Berlioz: Roméo et Juliette - Davis
Chandos CHSA 5169 (2 discs)
Classical - Vocal
Berlioz: Roméo et Juliette; Marche troyenne & Chasse royale et Orage from Les Troyens
Michèle Losier (mezzo-soprano)
Samuel Boden (tenor)
David Soar (bass)
BBC Symphony Chorus
BBC Symphony Orchestra
Sir Andrew Davis (conductor)
After two volumes with other top international Chandos orchestras in this Berlioz series, Sir Andrew Davis joins the BBC Symphony – where he is Conductor Laureate – for a new recording.
The highlight in this double SACD album is Roméo et Juliette, Berlioz’s third symphony, which draws once again on his greatest literary passion, Shakespeare, and on his own most fervent experiences. It is coupled with two excerpts from the largest work Berlioz ever attempted, the opera Les Troyens, based on Virgil, another literary passion. Both show Berlioz’s orchestral wizardry, using offstage brass and drums to represent the hunters’ calls and the storm in ‘Royal Hunt and Storm’ and the glory of Rome in the ‘Trojan March’.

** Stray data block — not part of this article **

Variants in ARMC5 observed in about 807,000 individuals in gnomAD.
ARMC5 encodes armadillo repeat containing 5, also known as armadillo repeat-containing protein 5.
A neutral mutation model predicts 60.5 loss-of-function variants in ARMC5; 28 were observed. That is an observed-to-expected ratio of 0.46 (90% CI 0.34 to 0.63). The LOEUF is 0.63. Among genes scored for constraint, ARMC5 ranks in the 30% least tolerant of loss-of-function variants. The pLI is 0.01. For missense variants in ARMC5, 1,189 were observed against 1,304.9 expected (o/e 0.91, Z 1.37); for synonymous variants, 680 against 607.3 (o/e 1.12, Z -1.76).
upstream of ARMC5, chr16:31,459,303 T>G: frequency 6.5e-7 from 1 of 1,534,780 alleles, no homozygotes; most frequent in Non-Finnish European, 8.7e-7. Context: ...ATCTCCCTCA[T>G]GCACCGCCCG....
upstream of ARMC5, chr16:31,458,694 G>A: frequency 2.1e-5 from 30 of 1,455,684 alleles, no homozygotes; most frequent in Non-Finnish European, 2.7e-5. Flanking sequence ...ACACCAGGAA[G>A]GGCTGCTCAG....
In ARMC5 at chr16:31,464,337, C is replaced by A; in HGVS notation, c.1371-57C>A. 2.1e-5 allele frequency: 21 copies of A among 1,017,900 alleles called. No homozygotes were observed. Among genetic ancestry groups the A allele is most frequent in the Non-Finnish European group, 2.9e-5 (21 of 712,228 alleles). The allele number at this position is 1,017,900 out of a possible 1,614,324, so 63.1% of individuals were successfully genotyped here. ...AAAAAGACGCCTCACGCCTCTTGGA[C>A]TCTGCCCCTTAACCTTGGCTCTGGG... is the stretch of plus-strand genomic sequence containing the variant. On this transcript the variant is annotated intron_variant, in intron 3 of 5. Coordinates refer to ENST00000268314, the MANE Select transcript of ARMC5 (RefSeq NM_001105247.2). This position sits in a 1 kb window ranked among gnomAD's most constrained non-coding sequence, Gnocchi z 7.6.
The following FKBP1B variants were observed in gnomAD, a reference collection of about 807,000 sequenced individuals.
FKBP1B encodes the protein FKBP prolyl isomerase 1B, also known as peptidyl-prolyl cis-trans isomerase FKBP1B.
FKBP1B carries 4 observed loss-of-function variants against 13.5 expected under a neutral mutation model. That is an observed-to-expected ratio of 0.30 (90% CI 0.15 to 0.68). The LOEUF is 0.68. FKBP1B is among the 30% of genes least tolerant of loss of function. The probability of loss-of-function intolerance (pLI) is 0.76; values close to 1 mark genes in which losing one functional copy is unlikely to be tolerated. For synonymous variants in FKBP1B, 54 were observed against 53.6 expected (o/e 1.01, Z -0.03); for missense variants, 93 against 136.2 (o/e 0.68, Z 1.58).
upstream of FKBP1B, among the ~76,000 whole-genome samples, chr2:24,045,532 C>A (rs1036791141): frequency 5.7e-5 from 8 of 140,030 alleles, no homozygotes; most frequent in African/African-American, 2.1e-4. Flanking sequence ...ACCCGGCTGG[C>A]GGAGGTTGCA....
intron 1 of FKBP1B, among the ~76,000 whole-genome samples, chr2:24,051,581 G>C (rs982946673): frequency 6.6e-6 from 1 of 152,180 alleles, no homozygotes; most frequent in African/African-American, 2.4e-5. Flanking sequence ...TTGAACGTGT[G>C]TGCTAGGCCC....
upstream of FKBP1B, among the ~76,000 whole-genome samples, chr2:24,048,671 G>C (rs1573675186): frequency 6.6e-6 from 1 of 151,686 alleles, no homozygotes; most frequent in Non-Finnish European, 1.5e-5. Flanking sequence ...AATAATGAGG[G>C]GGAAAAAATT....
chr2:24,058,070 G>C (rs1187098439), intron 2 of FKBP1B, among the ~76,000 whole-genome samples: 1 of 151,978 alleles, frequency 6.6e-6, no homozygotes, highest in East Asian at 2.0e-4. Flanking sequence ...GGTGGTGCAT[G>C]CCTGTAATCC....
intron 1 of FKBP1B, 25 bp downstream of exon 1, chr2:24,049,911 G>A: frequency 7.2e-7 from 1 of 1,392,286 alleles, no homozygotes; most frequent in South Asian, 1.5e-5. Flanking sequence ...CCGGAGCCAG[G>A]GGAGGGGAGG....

The recording follows a historic performance with the same forces at the Barbican in January: a ‘magical revelation... that wrought shivers’ (Bachtrack), in which ‘one could feel the instant rightness of the sonorous imagery Berlioz devises’ (The Sunday Times). The concert and recording project marks the 400th anniversary of Shakespeare’s death.
Recorded at the Fairfield Halls, Croydon, on 17 May 2015 ('Chasse royale et orage'), and 23-25 January 2016 (other works), 24/96
Recording producer: Brian Pidgeon
Sound engineer: Ralph Couzens
Assistant engineer: Jonathan Cooper
Editor: Rosanna Fish
A & R administrator: Sue Shortridge
Microphones: Thuresson; CM 402 (main sound), Schoeps; MK22 / MK4 / MK6, DPA; 4006 & 4011 & Neumann; U89.
CM 402 microphones are hand built by the designer, Jörgen Thuresson, in Sweden.
Review by John Broggio - September 3, 2016
A generally satisfying reading of Berlioz's take on Romeo & Juliet, with the usual fidelity afforded by the engineering team.